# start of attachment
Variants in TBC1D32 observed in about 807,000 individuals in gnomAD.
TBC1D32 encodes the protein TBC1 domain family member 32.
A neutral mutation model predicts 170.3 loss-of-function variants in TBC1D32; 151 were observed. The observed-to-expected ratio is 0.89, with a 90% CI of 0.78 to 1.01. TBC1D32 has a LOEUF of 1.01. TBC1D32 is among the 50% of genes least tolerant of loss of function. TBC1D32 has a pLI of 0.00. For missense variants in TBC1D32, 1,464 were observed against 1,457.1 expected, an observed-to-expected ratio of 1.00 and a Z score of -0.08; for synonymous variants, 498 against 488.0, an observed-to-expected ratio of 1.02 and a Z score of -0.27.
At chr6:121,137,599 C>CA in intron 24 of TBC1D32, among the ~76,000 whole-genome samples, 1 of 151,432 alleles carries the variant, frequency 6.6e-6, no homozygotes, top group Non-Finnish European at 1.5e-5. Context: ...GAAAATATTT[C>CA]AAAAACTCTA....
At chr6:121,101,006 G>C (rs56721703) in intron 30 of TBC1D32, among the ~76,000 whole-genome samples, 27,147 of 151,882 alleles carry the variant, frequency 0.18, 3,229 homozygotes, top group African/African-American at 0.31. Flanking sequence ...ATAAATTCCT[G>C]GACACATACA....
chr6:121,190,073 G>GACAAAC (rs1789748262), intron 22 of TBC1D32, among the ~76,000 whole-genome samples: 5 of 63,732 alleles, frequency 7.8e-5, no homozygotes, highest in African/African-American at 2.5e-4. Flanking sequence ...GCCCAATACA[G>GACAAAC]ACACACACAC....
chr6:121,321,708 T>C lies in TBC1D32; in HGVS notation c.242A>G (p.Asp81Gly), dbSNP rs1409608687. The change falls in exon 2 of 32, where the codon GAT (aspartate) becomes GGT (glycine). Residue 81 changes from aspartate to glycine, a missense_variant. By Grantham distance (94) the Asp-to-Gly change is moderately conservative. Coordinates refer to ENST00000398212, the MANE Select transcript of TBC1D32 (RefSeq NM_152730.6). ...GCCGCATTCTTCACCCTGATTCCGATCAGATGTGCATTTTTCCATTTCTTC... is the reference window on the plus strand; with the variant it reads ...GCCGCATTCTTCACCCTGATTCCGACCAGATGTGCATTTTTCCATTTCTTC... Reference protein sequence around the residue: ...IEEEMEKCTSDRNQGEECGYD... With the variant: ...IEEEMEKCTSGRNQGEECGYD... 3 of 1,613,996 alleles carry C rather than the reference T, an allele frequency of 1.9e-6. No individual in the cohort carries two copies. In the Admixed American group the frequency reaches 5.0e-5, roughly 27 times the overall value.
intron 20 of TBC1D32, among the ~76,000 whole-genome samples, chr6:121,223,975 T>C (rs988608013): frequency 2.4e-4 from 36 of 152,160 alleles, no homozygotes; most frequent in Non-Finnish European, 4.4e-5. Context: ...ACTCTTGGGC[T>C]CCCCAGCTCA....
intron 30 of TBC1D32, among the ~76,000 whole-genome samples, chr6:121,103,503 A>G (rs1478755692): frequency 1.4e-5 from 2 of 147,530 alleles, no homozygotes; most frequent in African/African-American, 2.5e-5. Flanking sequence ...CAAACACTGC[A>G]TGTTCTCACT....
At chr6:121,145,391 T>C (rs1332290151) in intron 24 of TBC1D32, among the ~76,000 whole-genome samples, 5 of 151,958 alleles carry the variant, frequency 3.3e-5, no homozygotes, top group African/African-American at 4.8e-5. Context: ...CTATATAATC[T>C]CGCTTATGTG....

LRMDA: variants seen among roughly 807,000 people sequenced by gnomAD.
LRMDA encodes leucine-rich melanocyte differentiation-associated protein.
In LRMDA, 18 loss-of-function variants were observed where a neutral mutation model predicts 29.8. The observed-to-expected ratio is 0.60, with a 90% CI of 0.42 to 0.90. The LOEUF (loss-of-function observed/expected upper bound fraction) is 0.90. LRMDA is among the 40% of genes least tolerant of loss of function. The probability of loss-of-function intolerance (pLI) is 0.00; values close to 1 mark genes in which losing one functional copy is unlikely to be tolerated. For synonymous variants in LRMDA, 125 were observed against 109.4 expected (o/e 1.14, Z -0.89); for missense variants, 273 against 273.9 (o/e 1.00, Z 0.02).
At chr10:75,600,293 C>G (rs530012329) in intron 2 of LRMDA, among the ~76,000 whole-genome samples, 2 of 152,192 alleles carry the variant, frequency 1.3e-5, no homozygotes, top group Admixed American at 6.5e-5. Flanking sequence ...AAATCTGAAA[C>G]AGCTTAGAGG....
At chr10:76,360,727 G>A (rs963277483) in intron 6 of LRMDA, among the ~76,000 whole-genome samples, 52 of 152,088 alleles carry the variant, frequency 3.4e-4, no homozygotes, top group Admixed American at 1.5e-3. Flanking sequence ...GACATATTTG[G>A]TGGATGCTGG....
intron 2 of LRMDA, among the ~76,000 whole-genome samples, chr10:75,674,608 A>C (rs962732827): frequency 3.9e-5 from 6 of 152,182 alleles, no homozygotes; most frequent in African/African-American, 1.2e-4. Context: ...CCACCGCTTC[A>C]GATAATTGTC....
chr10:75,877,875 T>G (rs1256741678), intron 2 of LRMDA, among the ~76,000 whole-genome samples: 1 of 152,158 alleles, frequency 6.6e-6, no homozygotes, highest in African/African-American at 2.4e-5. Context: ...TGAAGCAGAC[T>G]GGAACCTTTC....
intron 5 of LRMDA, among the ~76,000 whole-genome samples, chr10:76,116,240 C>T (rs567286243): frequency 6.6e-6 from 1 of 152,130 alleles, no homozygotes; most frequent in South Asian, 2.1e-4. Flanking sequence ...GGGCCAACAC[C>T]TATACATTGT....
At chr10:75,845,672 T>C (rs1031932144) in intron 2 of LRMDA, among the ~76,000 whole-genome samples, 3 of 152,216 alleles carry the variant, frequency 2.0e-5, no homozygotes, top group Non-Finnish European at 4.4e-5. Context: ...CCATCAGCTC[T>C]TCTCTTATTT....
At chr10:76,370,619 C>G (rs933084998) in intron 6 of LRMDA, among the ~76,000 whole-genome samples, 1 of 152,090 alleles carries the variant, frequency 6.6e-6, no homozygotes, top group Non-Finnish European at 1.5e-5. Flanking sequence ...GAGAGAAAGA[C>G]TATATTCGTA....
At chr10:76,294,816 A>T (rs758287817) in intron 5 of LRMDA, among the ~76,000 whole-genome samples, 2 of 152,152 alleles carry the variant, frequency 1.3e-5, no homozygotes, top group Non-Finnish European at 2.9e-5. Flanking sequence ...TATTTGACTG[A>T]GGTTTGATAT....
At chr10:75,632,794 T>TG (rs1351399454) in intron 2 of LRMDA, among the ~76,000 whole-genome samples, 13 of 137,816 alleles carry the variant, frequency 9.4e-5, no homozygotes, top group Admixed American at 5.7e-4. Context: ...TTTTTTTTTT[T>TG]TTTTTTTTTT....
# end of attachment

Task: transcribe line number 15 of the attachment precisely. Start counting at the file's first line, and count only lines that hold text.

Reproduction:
At chr10:76,360,727 G>A (rs963277483) in intron 6 of LRMDA, among the ~76,000 whole-genome samples, 52 of 152,088 alleles carry the variant, frequency 3.4e-4, no homozygotes, top group Admixed American at 1.5e-3. Flanking sequence ...GACATATTTG[G>A]TGGATGCTGG....